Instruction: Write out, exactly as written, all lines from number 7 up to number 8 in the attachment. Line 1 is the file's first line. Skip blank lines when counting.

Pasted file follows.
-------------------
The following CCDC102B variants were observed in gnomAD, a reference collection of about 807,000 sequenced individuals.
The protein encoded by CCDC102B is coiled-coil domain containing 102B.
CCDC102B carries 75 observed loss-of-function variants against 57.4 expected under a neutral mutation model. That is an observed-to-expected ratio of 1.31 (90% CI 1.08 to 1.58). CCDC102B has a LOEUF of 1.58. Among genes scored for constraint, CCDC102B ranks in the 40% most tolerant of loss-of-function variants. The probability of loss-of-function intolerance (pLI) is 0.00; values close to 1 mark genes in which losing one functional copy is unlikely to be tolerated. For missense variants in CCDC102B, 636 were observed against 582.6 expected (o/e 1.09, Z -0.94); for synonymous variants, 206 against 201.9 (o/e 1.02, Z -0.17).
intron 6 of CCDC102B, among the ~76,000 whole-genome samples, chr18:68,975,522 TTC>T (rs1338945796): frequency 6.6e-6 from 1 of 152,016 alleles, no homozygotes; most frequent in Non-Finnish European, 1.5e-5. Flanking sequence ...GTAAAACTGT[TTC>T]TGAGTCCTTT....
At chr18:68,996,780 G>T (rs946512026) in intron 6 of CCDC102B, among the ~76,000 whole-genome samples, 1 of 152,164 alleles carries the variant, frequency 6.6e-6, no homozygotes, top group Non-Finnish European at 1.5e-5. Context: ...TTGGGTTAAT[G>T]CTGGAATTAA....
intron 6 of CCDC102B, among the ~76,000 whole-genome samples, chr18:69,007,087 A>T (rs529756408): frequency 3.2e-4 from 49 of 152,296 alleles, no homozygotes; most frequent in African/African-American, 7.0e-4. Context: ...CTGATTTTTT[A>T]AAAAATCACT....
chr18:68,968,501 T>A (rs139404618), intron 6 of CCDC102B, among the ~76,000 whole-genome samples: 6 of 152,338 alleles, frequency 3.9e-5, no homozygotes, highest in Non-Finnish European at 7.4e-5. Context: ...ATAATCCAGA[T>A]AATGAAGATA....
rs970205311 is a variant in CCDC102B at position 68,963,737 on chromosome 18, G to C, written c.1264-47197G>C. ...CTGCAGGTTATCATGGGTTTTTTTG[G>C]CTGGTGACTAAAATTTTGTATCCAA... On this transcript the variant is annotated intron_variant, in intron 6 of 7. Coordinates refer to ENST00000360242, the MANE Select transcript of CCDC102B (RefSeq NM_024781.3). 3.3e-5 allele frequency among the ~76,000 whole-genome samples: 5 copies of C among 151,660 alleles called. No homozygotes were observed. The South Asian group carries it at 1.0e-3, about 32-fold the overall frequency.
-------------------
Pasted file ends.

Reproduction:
chr18:68,968,501 T>A (rs139404618), intron 6 of CCDC102B, among the ~76,000 whole-genome samples: 6 of 152,338 alleles, frequency 3.9e-5, no homozygotes, highest in Non-Finnish European at 7.4e-5. Context: ...ATAATCCAGA[T>A]AATGAAGATA....
rs970205311 is a variant in CCDC102B at position 68,963,737 on chromosome 18, G to C, written c.1264-47197G>C. ...CTGCAGGTTATCATGGGTTTTTTTG[G>C]CTGGTGACTAAAATTTTGTATCCAA... On this transcript the variant is annotated intron_variant, in intron 6 of 7. Coordinates refer to ENST00000360242, the MANE Select transcript of CCDC102B (RefSeq NM_024781.3). 3.3e-5 allele frequency among the ~76,000 whole-genome samples: 5 copies of C among 151,660 alleles called. No homozygotes were observed. The South Asian group carries it at 1.0e-3, about 32-fold the overall frequency.